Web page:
This newly discovered self-portrait is therefore particularly important as it combines these two ideas, showing, as it does, Mortimer at work. Although unfinished, Mortimer depicts himself holding a drawing board, presumably in the process of making a study with a porte crayon. Mortimer’s upturned eyes and concentrated expression possibly suggests that he was attempting to depict himself in the process of drawing a sculpture or cast, given the date, probably at the Duke of Richmond’s Sculpture Gallery. That Mortimer painted this study is also instructive. Given that in 1758 Mortimer was still apprenticed to Thomas Hudson, he would naturally be learning to handle oil. The blond ground, use of liquid brown paint to block in the costume and the careful build-up of colour, all accords with Hudson’s own technique. So too does the format, Mortimer has shown himself in a feigned oval, similar to many of Hudson’s most successful portraits of the period and a format Mortimer himself adopts in his portraiture of the 1760s.


This unfinished painting was only recently rediscovered, because Mortimer seemingly reused the canvas. The painting has traditionally said to have come from Hopton Hall in Derbyshire and of depicting Thomas Haden.[11] It is first definitely recorded at Radburne Hall in Derbyshire in the collection of Henry Chandos-Pole-Gell. Radburne Hall is notable as the location of one of Mortimer’s most ambitious projects. With Joseph Wright of Derby, Mortimer was commissioned by Edward Sacheverell Pole to decorate the Saloon. Wright supplied portraits of Pole, a Colonel in the 23rd Foot of Royal Welsh Fusiliers, his wife, and also to provide four overdoor panels of candlelight subjects. Mortimer was commissioned to complete two large scenes from classical antiquity in the grand manner, representing the Blind Belisarius and Caius Marius on the Ruins of Carthage, as well as an Allegory of the Arts as a fifth overdoor. Mortimer was paid 100 guineas each for the Belisarius and the Caius Marius and 50 guineas for the overdoor.

The identification of the portrait as Thomas Haden, rather than Mortimer, rested on its similarity to a drawing apparently showing the same sitter by Joseph Wright of Derby. The drawing, also at Radburne Hall, shows a young boy, with similar features to Mortimer – retroussé nose, full-lips, and slight dimple in the chin – but the pose is slightly different, Wright has shown the sitter leaning on his left hand. It was the pose which led to Nicholson identifying the drawing as a study for Wright’s painting of Edwin (from Dr Beattie’s Minstrel) and therefore Thomas Haden.[12] But the boy in the drawing at Radburne hall bears no resemblance to the finished painting of Edwin. The drawing is therefore likely to show not Haden, but Mortimer. This idea is given strength by the fact that the portrait drawing has long been mounted with a drawing by Mortimer.[13] The Mortimer shows a study after Moreelse’s Lady as Shepherdess and is dated to Sunderland to 1775-1778.[14] The figure is copied from a painting that was in the collection of Mortimer’s great friend and patron, Dr Benjamin Bates. The Mortimer drawing was therefore executed whilst he was working at Radburne and seems likely to have been acquired by Edward Sacheverell Pole.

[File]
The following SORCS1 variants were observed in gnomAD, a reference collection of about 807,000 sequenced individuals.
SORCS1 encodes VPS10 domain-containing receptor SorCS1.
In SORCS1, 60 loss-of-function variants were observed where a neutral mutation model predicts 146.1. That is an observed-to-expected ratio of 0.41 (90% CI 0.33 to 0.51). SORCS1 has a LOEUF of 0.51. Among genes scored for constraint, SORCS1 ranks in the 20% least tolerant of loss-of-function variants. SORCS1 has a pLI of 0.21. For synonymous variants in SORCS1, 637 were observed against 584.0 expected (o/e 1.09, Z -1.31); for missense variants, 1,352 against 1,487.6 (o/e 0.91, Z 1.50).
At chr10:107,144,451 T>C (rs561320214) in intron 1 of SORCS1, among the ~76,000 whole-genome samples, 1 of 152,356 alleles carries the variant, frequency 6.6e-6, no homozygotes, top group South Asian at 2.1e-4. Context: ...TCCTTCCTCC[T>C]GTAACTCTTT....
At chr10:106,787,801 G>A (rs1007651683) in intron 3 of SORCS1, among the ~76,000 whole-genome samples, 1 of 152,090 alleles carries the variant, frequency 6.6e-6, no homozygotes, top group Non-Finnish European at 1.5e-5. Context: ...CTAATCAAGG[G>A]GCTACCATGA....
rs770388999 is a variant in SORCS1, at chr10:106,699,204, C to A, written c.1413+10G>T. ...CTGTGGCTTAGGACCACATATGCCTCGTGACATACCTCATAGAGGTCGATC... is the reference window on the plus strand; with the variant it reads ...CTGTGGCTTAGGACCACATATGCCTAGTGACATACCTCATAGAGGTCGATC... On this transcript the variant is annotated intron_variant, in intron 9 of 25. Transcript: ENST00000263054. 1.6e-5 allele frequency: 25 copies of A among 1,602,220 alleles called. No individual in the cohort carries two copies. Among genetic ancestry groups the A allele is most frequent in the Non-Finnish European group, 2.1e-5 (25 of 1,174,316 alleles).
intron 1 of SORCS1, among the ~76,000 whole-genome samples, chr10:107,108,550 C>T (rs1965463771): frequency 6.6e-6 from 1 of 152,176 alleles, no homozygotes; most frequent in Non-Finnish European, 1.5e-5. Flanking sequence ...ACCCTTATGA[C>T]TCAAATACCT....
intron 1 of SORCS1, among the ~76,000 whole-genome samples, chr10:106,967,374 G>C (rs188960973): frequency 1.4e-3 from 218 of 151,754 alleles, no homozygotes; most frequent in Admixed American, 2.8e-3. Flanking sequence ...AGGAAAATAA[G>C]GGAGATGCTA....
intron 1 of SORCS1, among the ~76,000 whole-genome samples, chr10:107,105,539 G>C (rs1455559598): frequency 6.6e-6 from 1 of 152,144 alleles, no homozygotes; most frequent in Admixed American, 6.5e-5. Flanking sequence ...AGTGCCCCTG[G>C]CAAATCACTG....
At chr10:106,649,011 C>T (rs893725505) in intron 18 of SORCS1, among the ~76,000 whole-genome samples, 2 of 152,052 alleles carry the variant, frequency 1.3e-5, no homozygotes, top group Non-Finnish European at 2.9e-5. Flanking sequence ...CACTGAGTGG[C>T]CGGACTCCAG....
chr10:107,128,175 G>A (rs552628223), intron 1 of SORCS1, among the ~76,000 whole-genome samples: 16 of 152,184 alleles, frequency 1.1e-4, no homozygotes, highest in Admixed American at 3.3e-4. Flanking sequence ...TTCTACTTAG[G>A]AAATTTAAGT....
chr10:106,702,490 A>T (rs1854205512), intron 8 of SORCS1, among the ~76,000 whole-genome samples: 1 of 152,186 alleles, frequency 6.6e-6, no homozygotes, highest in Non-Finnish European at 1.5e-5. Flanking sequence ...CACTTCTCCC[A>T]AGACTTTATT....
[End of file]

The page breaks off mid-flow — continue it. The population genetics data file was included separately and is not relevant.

This does raise the question of why two portrait studies of Mortimer, apparently made twenty years earlier, stayed at Radburne. In the case of our self-portrait, it is clear Mortimer was reusing an old canvas. Mortimer painted on the verso a copy of Joshua Reynolds’s 1774 self-portrait.[15] The reason for Mortimer’s copy is unclear. Mortimer admired Reynolds greatly, he dedicated a series of fifteen etchings to Reynolds in 1778 and was highly conscious of The Discourses. Indeed, when he exhibited the Radburne Belisarius at the Society of Artists in 1772, Mortimer noted in the Candid Observations which he penned anonymously with Thomas Jones: ‘It appears evident here, the Painter has carefully read Sir Joshua Reynolds’s last lecture, and has perhaps too closely adhered to the Principles of the Bolognian School.’[16]